Asst to Mr. Melnick-U.S.
Asst to Mr. Melnick-Thailand
Asst to Mr. Melnick-U.K.
Asst to Mr. Spottiswoode
Asst to Mr. Kagan-U.S.
Asst to Mr. Kagan-U.K.
Asst to Mr. Pestonji
Asst to Mr. Gibson
Medical services provided by
Exec officer, Entertainment Medical Specialists In
Prod physician
Prod physician
Nurse, Aerial unit
First aid, Los Angeles unit
Co-ord & pilot, Aerial unit
Asst co-ord-pilot, Aerial unit
1st eng, Aerial unit
2d eng, Aerial unit
2d eng-U.K., Aerial unit
Asst unit mgr, Aerial unit
Asst unit mgr, Aerial unit
Pilot, Aerial unit
Pilot, Aerial unit
Pilot, Aerial unit
Pilot, Aerial unit
Pilot, Aerial unit
Pilot, Aerial unit
Pilot-L.A., Aerial unit
Prod asst, U.K. unit & process
Prod asst, U.K. unit & process
Hansard process co-ord, U.K. unit & process
Hansard process 1st eng, U.K. unit & process
Hansard process 2d eng, U.K. unit & process
Prod runner, U.K. unit & process
DGA trainee, Los Angeles unit
Set prod asst, Los Angeles unit
Set prod asst, Los Angeles unit
Set prod asst, Los Angeles unit
Prod office asst, Los Angeles unit
Prod office asst, Los Angeles unit
Prod office asst, Los Angeles unit
Financial services
Completion bond services provided by
Prod insurance provided by
STAND INS
Stunt coord
Stunts
Stunts
Stunts
Stunts
Stunts
Stunts
Stunts
Stunts
Stunts
Stunts
Stunts
Stunts
Stunts
Stunts
Stunts
Stunts
COLOR PERSONNEL
Col timer
SOURCES
LITERARY
Based on the book Air America by Christopher Robbins (New York, 1979).
SONGS
"Free Ride," performed and produced by Edgar Winter & Rick Derringer, written by Dan Hartman, published by Multi-Level Music Inc. and Silver Steed Music Inc., administered by EMI Blackwood Music Inc.
"Love Me Two Times," performed by Aerosmith, written by The Doors, published by The Doors Music Company, produced by Bruce Fairbairn, courtesy of Geffen Records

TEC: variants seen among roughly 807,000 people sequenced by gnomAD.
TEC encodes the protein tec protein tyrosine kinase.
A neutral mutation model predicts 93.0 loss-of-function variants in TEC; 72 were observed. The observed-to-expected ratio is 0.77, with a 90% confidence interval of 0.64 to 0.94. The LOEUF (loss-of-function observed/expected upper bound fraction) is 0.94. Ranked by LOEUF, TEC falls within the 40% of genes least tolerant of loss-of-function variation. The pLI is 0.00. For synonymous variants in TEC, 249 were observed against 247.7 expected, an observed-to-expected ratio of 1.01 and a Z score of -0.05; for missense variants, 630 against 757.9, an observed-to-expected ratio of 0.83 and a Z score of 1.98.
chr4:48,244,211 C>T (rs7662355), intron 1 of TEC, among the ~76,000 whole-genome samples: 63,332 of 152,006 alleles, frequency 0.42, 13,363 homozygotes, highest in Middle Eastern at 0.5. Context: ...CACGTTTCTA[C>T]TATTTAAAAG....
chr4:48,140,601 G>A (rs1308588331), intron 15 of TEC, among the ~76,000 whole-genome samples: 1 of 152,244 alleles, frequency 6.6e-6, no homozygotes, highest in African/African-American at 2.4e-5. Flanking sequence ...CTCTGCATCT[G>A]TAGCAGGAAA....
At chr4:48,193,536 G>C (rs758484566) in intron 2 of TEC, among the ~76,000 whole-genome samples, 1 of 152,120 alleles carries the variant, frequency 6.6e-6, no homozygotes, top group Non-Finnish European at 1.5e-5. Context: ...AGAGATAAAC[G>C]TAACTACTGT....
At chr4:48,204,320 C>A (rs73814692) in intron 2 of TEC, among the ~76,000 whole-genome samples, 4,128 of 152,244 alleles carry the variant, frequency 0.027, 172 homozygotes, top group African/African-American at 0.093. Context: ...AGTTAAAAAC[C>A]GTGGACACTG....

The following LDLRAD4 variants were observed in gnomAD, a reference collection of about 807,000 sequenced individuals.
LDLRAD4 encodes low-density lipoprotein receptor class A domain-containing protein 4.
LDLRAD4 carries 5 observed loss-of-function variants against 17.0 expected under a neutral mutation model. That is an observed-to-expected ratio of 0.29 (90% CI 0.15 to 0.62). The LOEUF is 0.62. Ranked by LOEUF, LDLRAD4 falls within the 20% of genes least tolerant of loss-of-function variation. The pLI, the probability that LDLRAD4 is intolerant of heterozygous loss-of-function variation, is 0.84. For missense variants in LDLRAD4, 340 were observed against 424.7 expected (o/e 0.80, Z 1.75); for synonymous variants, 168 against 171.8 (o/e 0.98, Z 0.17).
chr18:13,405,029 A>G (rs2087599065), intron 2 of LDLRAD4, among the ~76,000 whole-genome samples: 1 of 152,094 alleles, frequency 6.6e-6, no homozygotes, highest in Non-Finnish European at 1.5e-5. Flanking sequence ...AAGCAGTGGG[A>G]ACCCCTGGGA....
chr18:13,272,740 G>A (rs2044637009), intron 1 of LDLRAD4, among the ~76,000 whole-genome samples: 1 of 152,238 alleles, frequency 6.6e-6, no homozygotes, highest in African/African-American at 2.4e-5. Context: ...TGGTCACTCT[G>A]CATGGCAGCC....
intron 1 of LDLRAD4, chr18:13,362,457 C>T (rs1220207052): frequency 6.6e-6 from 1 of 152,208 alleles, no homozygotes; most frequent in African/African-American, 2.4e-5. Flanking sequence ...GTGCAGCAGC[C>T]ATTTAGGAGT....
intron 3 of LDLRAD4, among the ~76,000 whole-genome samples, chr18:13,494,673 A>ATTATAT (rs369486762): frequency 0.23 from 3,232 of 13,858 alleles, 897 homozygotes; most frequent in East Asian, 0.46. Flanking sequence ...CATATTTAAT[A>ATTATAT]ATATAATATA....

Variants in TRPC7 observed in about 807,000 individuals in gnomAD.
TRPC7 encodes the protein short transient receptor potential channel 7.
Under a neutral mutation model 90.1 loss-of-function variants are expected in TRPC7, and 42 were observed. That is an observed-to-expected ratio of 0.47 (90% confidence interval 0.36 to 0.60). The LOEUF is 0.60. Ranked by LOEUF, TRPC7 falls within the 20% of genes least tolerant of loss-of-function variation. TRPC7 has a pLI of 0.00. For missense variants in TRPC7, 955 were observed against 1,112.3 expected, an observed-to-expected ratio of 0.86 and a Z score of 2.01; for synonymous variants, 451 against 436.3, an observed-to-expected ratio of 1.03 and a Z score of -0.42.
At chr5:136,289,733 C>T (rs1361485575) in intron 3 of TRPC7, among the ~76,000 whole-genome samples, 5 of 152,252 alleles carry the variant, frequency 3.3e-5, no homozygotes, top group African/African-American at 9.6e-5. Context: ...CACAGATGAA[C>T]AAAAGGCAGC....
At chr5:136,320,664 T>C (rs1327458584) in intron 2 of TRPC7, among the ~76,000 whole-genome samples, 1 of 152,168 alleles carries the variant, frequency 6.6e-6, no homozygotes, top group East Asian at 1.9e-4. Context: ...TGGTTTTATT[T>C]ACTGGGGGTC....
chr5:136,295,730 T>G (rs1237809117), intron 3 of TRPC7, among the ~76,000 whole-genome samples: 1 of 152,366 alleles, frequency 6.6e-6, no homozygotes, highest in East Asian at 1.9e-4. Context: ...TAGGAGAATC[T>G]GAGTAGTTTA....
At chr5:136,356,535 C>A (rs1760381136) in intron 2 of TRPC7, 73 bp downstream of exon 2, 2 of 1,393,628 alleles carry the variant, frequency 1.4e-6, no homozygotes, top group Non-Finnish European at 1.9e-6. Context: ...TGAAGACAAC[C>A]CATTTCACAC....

"Long Cool Woman In A Black Dress," performed by Charlie Sexton, written by Roger Cook, Allan Clarke & Roger Greenway, published by Bienstock Publishing Company on behalf of Timtobe Music and Polygram International Publishing, Inc., produced by Bob Smith and Charlie Sexton
+
SONGS
"Free Ride," performed and produced by Edgar Winter & Rick Derringer, written by Dan Hartman, published by Multi-Level Music Inc. and Silver Steed Music Inc., administered by EMI Blackwood Music Inc.
"Love Me Two Times," performed by Aerosmith, written by The Doors, published by The Doors Music Company, produced by Bruce Fairbairn, courtesy of Geffen Records
"Long Cool Woman In A Black Dress," performed by Charlie Sexton, written by Roger Cook, Allan Clarke & Roger Greenway, published by Bienstock Publishing Company on behalf of Timtobe Music and Polygram International Publishing, Inc., produced by Bob Smith and Charlie Sexton
"Right Place Wrong Time," performed by B. B. King & Bonnie Raitt, written by Mac Rebennack, published by Walden Music, Oyster Music and Cauldron Music, administered by WB Music Corp., produced by Don Was
"Pushin' Too Hard," performed by The Seeds, written by Sky Saxon, published by Neil Music, Inc., produced by Sky Saxon & Marcus Tybalt, courtesy of GNP Crescendo Records
"Get Ready," performed by The Temptations, written by William Robinson, published by Jobete Music Co., courtesy of Motown Record Company, L.P.
"Do It Again," performed by Steely Dan, written by Donald Fagen, Walter Becker, published by MCA Music, a division of MCA Inc., produced by Gary Katz, courtesy of MCA Records
"Run Through The Jungle," performed by Creedence Clearwater Revival, written by John Fogerty, published by Jondora Music, produced by John C. Fogerty, courtesy of Fantasy Records
"Baby, I Need Your Lovin'," performed by The Four Tops, written by Eddie Holland, Lamont Dozier, Brian Holland, published by Stone Agate Music, courtesy of Motown Record Company, L.P.
"Rescue Me," performed by Fontella Bass, written by Carl William Smith & Raynard Miner, published by Chevis Publishing Corporation, produced by Billy Davis, courtesy of MCA Records
"California Dreamin'," performed by The Mamas and the Papas, written by John Phillips, Michelle Gillian, published by MCA Music, a division of MCA Inc., produced by Lou Adler, courtesy of MCA Records
"Gimme Shelter," performed by The Rolling Stones, written by Mick Jagger and Keith Richards, published by Abkco Music, Inc., by arrangement with Abkco Records
"Tumbling Tumbleweeds," performed by Sons of Pioneers, written by Bob Nolan, published by Williamson Music, courtesy of MCA Records
"One More Ride," performed by Sons of Pioneers, written by Bob Nolan, published by Warner Chappell Music, courtesy of MCA Records
"Horse With No Name," performed by America, written by Dewey Bunnell, published by Warner Chappell Music, courtesy of Warner Bros. Records Inc.